CHRIS Kids program helps Georgia foster children succeed
There are nearly 8,000 children in the foster care system in Georgia, and 600 age out of the system each year. Statistics for foster kids can be troubling, with 1 in 4 becoming homeless within two years. Children in foster homes have twice the rate of post-traumatic stress disorder as Gulf War veterans. But organizations like CHRIS Kids not only provide crucial services to foster children, they also help young adults transition into the community for brighter futures.
Based in Atlanta, CHRIS Kids began with three specialized group homes for children who were unable to thrive in foster homes, and expanded over the years with family-focused outreach and community-based services. In 2007, CHRIS Kids opened a counseling center that is open to the public. Each year over 2,000 people receive behavioral, mental health and substance abuse services.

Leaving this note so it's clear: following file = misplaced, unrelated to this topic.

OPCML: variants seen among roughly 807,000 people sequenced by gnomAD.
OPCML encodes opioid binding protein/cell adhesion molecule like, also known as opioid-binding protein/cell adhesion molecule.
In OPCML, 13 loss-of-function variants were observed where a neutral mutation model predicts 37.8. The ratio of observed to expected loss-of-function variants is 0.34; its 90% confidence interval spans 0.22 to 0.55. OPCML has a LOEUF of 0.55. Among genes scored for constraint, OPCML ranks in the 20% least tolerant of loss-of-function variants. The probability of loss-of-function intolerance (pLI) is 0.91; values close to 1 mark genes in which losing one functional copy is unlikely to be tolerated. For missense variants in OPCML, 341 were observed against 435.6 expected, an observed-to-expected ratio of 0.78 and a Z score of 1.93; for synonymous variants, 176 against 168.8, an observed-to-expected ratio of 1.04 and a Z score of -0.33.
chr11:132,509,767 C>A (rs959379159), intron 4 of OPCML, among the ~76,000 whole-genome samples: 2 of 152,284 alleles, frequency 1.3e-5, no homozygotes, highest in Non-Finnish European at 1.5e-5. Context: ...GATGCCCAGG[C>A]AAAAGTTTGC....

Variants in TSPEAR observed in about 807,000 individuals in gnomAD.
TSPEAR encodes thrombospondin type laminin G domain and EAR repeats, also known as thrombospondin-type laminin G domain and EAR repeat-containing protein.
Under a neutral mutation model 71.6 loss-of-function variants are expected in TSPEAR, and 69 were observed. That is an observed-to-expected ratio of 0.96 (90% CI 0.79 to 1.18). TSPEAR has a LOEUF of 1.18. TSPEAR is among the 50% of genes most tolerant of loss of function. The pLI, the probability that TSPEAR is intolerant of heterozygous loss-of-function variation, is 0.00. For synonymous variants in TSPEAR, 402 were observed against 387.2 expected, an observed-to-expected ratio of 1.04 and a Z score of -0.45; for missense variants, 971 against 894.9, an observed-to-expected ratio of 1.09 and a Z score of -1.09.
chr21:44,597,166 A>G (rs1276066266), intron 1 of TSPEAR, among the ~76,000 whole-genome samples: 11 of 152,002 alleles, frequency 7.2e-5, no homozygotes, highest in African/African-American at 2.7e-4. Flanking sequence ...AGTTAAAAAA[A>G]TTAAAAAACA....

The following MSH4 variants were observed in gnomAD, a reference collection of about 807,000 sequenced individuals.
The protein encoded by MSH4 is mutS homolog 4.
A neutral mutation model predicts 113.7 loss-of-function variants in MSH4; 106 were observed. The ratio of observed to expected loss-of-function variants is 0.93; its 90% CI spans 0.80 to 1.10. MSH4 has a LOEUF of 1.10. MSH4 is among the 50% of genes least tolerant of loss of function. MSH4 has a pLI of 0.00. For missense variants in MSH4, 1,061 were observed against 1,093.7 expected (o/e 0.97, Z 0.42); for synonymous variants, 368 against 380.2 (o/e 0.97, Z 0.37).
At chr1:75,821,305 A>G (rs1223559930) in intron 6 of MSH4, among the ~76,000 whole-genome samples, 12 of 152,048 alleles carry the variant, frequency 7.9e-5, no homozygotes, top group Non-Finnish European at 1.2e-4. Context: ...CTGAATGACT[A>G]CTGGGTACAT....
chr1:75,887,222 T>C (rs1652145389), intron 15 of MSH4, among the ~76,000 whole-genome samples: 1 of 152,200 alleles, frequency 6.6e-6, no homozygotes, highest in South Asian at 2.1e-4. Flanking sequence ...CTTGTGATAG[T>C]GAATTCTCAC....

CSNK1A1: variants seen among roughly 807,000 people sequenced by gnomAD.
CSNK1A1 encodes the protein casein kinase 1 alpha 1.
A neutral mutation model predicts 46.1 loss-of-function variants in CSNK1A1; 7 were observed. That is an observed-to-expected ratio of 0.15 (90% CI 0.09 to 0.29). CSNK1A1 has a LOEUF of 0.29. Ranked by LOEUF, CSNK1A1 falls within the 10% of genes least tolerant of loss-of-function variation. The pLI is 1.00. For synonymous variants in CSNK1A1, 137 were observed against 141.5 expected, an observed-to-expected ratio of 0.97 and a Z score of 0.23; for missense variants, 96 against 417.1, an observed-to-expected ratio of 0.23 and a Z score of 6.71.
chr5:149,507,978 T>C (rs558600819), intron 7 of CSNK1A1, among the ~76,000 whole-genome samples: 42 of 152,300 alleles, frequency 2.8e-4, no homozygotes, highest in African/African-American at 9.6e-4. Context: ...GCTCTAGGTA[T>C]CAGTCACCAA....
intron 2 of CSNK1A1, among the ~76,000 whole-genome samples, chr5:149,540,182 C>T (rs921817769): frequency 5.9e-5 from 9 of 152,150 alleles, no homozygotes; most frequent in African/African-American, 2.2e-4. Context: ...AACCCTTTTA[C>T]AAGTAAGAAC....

CHRIS Kids created the first housing and services program in the Southeast for homeless youth ages 17-21, including a special focus on gay, lesbian, bisexual, transgender or questioning youth. The combination of all of these programs help foster kids become self-sufficient adults, breaking the cycle of abuse that can lead to a need for foster care.
In this video, CHRIS Kids CEO Kathy Colbenson discusses how the organization has been able to make a difference in thousands of people's lives. Corporate partners like Georgia-Pacific are vital to the program's work, contributing products, providing monetary support and helping to spread the word.
"CHRIS Kids is in the business of not only saving one life like mine, but they're in the business of saving thousands of kids' lives," says Thomas Watson, CHRIS Kids board member and former client.